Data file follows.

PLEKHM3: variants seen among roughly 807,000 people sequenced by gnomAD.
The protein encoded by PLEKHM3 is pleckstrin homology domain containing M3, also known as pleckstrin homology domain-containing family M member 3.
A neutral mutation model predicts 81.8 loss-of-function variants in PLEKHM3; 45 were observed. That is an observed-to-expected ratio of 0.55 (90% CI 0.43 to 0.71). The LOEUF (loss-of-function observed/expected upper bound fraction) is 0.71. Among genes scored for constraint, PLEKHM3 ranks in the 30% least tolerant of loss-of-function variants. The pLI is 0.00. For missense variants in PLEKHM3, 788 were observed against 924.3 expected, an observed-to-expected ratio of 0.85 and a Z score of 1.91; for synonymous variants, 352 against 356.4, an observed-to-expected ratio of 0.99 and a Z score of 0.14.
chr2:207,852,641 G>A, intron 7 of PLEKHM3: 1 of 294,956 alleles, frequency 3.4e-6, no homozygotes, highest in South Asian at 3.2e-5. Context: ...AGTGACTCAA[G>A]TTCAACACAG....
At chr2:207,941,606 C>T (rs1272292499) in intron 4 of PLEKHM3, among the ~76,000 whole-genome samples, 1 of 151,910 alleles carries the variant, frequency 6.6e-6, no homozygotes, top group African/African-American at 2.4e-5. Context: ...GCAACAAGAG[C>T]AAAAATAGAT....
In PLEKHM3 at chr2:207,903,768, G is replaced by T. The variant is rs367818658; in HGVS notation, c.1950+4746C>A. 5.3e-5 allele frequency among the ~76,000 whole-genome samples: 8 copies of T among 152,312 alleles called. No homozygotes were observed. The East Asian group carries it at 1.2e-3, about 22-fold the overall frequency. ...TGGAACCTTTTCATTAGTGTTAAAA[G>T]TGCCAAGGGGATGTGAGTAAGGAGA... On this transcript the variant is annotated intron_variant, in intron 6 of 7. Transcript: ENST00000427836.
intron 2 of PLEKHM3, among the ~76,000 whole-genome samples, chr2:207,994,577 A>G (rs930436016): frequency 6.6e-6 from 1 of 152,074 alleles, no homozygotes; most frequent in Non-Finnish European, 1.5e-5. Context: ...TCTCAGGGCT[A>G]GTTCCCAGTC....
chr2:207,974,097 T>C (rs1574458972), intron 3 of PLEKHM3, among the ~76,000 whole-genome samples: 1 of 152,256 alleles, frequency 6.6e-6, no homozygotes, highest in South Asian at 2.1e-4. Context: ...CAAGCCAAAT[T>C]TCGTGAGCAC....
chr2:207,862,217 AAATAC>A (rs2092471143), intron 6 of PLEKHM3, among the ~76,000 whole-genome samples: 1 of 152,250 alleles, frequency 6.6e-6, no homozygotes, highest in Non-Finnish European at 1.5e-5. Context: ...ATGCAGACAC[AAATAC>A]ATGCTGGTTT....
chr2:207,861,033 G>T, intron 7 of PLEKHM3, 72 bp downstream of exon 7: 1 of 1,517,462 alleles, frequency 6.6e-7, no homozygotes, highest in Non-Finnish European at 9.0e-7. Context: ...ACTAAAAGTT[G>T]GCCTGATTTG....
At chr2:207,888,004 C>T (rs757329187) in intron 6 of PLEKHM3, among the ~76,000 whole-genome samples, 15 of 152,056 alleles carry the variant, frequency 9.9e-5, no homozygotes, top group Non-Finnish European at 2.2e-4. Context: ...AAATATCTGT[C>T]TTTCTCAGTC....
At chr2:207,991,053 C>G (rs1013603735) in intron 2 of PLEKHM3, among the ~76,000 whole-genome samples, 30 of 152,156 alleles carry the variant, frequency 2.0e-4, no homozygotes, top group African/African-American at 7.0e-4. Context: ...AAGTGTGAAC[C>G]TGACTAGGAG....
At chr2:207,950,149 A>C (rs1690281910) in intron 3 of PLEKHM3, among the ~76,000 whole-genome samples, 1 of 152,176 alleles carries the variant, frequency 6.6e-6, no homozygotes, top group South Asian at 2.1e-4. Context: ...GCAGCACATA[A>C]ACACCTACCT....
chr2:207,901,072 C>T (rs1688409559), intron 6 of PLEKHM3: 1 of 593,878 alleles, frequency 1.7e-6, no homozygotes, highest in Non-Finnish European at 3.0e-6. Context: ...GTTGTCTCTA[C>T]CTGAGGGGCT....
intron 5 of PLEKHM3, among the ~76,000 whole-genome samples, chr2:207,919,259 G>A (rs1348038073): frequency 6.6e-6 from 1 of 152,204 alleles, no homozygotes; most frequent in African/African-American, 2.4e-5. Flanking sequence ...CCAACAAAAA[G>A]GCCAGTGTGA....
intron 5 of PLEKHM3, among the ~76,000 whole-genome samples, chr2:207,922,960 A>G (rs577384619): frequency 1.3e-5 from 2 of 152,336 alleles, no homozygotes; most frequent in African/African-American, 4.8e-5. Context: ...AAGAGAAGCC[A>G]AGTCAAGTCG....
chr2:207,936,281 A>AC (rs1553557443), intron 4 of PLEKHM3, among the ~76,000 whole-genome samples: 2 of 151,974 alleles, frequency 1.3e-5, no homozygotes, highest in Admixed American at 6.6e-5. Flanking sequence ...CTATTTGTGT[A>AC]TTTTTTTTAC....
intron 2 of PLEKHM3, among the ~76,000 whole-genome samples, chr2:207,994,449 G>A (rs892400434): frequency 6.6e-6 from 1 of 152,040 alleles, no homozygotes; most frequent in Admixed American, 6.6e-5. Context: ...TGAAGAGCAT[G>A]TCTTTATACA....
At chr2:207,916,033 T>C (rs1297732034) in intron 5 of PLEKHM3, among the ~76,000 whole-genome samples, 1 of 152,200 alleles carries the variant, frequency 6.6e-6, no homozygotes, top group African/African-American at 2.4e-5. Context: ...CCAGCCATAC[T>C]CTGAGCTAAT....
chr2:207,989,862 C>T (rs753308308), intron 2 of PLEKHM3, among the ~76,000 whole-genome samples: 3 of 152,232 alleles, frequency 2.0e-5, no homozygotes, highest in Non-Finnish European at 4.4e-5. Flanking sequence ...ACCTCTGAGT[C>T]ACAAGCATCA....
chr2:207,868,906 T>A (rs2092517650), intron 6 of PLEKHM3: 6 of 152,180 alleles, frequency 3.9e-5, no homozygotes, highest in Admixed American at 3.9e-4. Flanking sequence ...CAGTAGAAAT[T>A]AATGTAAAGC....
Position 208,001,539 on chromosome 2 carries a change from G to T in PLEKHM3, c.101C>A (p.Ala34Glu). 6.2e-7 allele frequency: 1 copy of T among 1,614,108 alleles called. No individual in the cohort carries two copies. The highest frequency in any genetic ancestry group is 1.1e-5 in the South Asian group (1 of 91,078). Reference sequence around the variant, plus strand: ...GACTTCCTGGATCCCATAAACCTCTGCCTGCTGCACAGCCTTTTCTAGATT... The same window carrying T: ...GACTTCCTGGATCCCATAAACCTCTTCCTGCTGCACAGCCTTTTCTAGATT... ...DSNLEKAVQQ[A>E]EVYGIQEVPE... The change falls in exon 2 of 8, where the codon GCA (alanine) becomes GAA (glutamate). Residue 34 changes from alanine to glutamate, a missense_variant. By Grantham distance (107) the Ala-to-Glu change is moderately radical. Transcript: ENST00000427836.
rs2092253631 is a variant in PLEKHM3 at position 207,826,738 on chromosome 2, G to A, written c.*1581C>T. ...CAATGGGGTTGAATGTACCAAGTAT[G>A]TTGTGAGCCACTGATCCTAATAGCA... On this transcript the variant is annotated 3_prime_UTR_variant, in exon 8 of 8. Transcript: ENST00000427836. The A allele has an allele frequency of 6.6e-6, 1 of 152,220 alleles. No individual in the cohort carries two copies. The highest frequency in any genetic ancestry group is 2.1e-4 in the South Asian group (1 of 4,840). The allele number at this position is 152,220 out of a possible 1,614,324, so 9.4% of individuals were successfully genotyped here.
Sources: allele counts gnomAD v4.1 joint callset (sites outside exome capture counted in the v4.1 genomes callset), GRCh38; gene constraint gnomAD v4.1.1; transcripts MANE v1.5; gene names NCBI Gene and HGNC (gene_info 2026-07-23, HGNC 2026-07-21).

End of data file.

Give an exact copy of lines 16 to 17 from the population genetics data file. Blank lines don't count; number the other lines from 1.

intron 5 of PLEKHM3, among the ~76,000 whole-genome samples, chr2:207,922,960 A>G (rs577384619): frequency 1.3e-5 from 2 of 152,336 alleles, no homozygotes; most frequent in African/African-American, 4.8e-5. Context: ...AAGAGAAGCC[A>G]AGTCAAGTCG....
chr2:207,936,281 A>AC (rs1553557443), intron 4 of PLEKHM3, among the ~76,000 whole-genome samples: 2 of 151,974 alleles, frequency 1.3e-5, no homozygotes, highest in Admixed American at 6.6e-5. Flanking sequence ...CTATTTGTGT[A>AC]TTTTTTTTAC....